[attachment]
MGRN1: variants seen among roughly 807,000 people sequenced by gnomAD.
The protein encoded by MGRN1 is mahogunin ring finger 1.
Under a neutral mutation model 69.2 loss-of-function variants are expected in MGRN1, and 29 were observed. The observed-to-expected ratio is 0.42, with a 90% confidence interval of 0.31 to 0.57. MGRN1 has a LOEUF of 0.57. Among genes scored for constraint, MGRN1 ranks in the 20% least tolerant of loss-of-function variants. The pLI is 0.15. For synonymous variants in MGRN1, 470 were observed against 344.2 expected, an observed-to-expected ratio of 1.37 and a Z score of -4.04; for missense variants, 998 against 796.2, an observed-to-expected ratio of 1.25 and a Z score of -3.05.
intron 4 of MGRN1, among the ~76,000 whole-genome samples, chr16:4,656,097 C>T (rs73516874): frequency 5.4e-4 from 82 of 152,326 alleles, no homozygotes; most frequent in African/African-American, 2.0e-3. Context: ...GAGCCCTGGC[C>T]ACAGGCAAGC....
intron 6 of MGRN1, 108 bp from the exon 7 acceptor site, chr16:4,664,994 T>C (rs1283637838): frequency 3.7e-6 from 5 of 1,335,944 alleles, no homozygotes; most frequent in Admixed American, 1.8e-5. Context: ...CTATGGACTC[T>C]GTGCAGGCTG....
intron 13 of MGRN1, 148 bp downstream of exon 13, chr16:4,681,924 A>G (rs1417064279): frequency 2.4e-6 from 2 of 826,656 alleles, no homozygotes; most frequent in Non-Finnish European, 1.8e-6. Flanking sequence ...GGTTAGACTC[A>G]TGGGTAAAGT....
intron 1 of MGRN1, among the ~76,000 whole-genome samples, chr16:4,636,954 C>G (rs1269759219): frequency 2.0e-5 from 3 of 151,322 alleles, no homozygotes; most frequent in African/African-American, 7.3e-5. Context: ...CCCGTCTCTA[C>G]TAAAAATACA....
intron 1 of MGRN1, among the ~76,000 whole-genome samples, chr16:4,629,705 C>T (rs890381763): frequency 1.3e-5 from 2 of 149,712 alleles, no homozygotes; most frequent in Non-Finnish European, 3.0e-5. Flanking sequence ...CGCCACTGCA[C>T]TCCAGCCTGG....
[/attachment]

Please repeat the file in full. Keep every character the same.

MGRN1: variants seen among roughly 807,000 people sequenced by gnomAD.
The protein encoded by MGRN1 is mahogunin ring finger 1.
Under a neutral mutation model 69.2 loss-of-function variants are expected in MGRN1, and 29 were observed. The observed-to-expected ratio is 0.42, with a 90% confidence interval of 0.31 to 0.57. MGRN1 has a LOEUF of 0.57. Among genes scored for constraint, MGRN1 ranks in the 20% least tolerant of loss-of-function variants. The pLI is 0.15. For synonymous variants in MGRN1, 470 were observed against 344.2 expected, an observed-to-expected ratio of 1.37 and a Z score of -4.04; for missense variants, 998 against 796.2, an observed-to-expected ratio of 1.25 and a Z score of -3.05.
intron 4 of MGRN1, among the ~76,000 whole-genome samples, chr16:4,656,097 C>T (rs73516874): frequency 5.4e-4 from 82 of 152,326 alleles, no homozygotes; most frequent in African/African-American, 2.0e-3. Context: ...GAGCCCTGGC[C>T]ACAGGCAAGC....
intron 6 of MGRN1, 108 bp from the exon 7 acceptor site, chr16:4,664,994 T>C (rs1283637838): frequency 3.7e-6 from 5 of 1,335,944 alleles, no homozygotes; most frequent in Admixed American, 1.8e-5. Context: ...CTATGGACTC[T>C]GTGCAGGCTG....
intron 13 of MGRN1, 148 bp downstream of exon 13, chr16:4,681,924 A>G (rs1417064279): frequency 2.4e-6 from 2 of 826,656 alleles, no homozygotes; most frequent in Non-Finnish European, 1.8e-6. Flanking sequence ...GGTTAGACTC[A>G]TGGGTAAAGT....
intron 1 of MGRN1, among the ~76,000 whole-genome samples, chr16:4,636,954 C>G (rs1269759219): frequency 2.0e-5 from 3 of 151,322 alleles, no homozygotes; most frequent in African/African-American, 7.3e-5. Context: ...CCCGTCTCTA[C>G]TAAAAATACA....
intron 1 of MGRN1, among the ~76,000 whole-genome samples, chr16:4,629,705 C>T (rs890381763): frequency 1.3e-5 from 2 of 149,712 alleles, no homozygotes; most frequent in Non-Finnish European, 3.0e-5. Flanking sequence ...CGCCACTGCA[C>T]TCCAGCCTGG....